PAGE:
NIH Data Management and Sharing Policy Goes into Effect Soon

NIH (and many others) believe that data sharing accelerates and improves science. After several years of iterative feedback, NIH’s new Data Management and Sharing Policy goes into effect for grants submitted January 25, 2023 and thereafter. This policy means that as of January 25, 2023, investigators applying for NIH funding must:

  • Plan and budget for the managing and sharing of data
  • Submit a Data Management and Sharing Plan outlining how scientific data and any accompanying metadata will be managed and shared, taking into account any potential restrictions or limitations.
  • Comply with the Data Management and Sharing plan approved by the funding Institute or Center (IC).

What is a Data Management and Sharing Plan?

A Data Management and Sharing Plan (“Plan”) is a short document that must accompany your budget justification. There are 6 sections: 1) Data Type, 2) Related Tools, Software and/or Code, 3) Standards, 4) Data Preservation, Access, and Associated Timelines, 5) Access, Distribution, or Reuse Considerations, and 6) Oversight of Data Management and Sharing. 

What you write in this Plan is what you’ll be expected to do. NIH expects any changes or deviation from the Plan will be discussed with your Program Officer.  They have assembled FAQs here, and we’ll summarize the most common questions below.

Do I really have to share data? Which data? When? How?

NIH expects data sharing to be maximized, so it wants to see researchers share as much data as possible. However, they have made provisions for tricky situations–especially in regards to human subjects research. If you must restrict data sharing for whatever reason, openly state these issues in your Plan and include your rationale.  
  • Which data do they mean? NIH expects investigators to maximize the appropriate sharing of “scientific data”, which is defined as data commonly accepted in the scientific community as being of sufficient quality to validate and replicate the research findings. Therefore, the data that underlies research publications are the most obvious to share. However, they note that other data may also be of benefit to the scientific community, giving the example of data underlying null and negative findings.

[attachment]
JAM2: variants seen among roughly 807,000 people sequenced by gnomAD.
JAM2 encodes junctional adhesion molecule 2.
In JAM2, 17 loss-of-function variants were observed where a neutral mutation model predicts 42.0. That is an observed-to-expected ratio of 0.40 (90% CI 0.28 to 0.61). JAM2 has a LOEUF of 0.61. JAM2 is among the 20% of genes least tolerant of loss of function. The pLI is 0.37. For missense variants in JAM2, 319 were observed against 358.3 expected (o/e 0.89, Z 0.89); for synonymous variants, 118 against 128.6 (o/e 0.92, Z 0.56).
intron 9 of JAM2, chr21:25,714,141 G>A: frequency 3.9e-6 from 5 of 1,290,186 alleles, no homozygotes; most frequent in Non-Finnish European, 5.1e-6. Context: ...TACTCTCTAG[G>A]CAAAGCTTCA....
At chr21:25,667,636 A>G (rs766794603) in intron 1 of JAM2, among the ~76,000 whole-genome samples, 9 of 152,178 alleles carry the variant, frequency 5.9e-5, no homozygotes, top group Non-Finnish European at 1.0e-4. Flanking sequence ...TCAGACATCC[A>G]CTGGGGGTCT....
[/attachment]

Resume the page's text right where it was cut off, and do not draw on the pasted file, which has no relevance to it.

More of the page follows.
• When should data be shared? NIH expects investigators to share data at the time of publication for an associated research article or at the end of the performance period, which ever is sooner.  Small Business Innovation Research (SBIR) and Small Business Technology Transfer (STTR) grants have different stipulations as outlined in their directive. 
  • How should data be shared? Domain repositories are preferred, and NIH provides a partial list here. Since a domain repository is not available for every type of data, we also have the Illinois Data Bank, a free resource for UIUC researchers. Can’t release the data openly? See UIUC’s Data Transfer and Use Agreement Guidance.

Templates and Examples

Your Plan must reflect the details in your proposal, so examples are provided only in order to help investigators see what a strong Plan looks like. Do not copy the text verbatim.

Note that earlier iterations of NIH’s data sharing policy (2003-2023) required a paragraph describing data sharing activities for grants >$500,000, but the new policy means the description must be more detailed and must accompany any application for research that will generate data, regardless of funding level.

Plan Review (Optional)

The Research Data Service provides fast, free, and confidential feedback on draft Plans. We work with library-based subject experts so that our feedback incorporates disciplinary and data management expertise. Send us your draft Plan, a link to the funding announcement, and the Sponsored Programs Administration (SPA) deadline by email or filling out this form.  If you’ve created your Plan in the DMPTool, then select the “Request Feedback” option on the last page of your template to contact us for a review.